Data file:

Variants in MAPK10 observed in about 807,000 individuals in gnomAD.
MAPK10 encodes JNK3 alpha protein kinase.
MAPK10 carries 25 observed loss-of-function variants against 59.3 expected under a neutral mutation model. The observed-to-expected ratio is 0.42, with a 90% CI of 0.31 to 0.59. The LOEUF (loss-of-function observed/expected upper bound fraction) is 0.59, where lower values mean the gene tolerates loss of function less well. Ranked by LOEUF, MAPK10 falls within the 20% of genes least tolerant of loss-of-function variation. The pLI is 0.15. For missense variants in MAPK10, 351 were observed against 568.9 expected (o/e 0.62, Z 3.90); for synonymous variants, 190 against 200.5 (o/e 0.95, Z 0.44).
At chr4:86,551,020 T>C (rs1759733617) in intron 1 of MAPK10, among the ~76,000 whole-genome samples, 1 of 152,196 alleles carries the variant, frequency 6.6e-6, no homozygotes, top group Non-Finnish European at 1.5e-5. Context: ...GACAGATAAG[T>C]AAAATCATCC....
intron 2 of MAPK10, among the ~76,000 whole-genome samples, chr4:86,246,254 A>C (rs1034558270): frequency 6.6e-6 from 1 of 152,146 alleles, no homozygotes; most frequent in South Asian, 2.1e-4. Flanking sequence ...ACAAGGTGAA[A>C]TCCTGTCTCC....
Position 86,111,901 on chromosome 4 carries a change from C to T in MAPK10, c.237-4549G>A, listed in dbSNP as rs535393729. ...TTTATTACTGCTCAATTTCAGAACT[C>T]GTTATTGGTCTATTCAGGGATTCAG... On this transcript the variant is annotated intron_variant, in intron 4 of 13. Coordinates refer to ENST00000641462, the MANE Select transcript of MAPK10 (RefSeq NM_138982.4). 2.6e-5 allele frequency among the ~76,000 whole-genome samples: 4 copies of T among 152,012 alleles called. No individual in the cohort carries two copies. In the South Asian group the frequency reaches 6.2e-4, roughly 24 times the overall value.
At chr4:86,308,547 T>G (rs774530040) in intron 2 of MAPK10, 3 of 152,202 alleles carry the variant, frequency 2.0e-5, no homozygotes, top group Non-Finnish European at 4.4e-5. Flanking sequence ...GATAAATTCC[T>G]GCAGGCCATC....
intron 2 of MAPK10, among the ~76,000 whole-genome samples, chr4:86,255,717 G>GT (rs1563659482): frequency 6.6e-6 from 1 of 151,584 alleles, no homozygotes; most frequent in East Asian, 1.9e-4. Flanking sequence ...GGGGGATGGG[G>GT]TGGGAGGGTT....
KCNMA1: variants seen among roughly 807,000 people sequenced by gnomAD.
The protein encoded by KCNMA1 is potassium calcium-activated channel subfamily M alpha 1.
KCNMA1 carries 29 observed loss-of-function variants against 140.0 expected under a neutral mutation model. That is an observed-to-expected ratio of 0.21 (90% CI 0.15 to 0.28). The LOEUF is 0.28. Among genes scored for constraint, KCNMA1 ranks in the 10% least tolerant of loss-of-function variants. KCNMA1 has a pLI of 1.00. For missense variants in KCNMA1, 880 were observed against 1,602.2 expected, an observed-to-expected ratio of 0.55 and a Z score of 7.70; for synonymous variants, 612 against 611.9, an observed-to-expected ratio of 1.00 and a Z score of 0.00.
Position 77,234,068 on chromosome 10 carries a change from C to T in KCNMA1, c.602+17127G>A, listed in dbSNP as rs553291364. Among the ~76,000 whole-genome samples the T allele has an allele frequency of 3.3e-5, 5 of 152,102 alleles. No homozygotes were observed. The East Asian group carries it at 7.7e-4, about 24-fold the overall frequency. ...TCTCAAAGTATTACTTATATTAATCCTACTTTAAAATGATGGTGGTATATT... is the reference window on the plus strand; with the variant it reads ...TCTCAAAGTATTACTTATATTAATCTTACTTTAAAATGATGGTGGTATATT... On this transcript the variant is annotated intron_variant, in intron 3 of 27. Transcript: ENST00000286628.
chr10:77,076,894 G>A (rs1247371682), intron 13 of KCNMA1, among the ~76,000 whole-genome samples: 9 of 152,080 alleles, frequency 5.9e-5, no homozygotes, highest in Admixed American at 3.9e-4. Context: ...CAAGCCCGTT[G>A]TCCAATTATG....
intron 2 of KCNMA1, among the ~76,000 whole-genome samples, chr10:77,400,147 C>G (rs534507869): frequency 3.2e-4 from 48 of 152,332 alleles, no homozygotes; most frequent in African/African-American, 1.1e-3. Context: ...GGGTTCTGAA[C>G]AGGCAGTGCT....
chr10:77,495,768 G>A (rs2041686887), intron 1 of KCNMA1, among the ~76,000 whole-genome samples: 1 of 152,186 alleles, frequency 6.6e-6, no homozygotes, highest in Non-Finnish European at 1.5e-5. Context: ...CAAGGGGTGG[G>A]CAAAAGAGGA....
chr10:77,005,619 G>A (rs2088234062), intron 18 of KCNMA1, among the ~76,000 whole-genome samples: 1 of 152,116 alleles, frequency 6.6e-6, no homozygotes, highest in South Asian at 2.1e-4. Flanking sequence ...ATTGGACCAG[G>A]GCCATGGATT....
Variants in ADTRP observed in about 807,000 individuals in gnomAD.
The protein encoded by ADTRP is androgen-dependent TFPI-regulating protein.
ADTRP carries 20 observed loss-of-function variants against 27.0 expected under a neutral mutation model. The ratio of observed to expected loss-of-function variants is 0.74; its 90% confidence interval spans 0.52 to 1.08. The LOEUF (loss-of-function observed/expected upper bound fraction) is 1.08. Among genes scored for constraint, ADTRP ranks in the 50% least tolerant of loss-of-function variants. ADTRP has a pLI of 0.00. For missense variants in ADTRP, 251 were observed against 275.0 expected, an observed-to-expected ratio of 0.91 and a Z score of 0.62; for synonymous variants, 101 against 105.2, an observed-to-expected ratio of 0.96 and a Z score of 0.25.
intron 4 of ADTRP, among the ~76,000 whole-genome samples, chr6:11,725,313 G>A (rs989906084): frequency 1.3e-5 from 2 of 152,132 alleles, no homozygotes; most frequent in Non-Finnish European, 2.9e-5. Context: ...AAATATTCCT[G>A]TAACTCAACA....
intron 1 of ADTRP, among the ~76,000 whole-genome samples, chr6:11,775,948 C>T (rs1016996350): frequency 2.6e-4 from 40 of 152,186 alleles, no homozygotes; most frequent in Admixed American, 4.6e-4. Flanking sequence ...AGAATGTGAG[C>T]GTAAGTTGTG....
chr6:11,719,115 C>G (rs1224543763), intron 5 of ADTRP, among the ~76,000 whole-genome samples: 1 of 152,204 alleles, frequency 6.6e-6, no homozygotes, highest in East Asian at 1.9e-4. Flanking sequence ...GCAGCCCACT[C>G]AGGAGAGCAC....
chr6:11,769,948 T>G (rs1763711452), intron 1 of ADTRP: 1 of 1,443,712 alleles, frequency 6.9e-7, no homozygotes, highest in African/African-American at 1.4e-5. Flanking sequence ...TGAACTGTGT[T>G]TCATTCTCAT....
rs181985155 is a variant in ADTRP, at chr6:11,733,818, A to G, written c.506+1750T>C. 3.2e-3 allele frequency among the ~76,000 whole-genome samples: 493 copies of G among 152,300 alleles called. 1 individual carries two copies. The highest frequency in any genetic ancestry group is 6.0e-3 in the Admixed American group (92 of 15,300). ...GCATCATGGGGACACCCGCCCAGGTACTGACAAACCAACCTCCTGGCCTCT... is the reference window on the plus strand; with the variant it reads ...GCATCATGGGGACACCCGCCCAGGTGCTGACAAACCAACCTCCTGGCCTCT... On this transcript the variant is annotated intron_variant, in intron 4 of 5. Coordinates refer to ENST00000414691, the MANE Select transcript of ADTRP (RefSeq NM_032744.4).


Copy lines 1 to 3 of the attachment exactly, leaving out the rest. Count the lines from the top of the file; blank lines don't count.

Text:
Variants in MAPK10 observed in about 807,000 individuals in gnomAD.
MAPK10 encodes JNK3 alpha protein kinase.
MAPK10 carries 25 observed loss-of-function variants against 59.3 expected under a neutral mutation model. The observed-to-expected ratio is 0.42, with a 90% CI of 0.31 to 0.59. The LOEUF (loss-of-function observed/expected upper bound fraction) is 0.59, where lower values mean the gene tolerates loss of function less well. Ranked by LOEUF, MAPK10 falls within the 20% of genes least tolerant of loss-of-function variation. The pLI is 0.15. For missense variants in MAPK10, 351 were observed against 568.9 expected (o/e 0.62, Z 3.90); for synonymous variants, 190 against 200.5 (o/e 0.95, Z 0.44).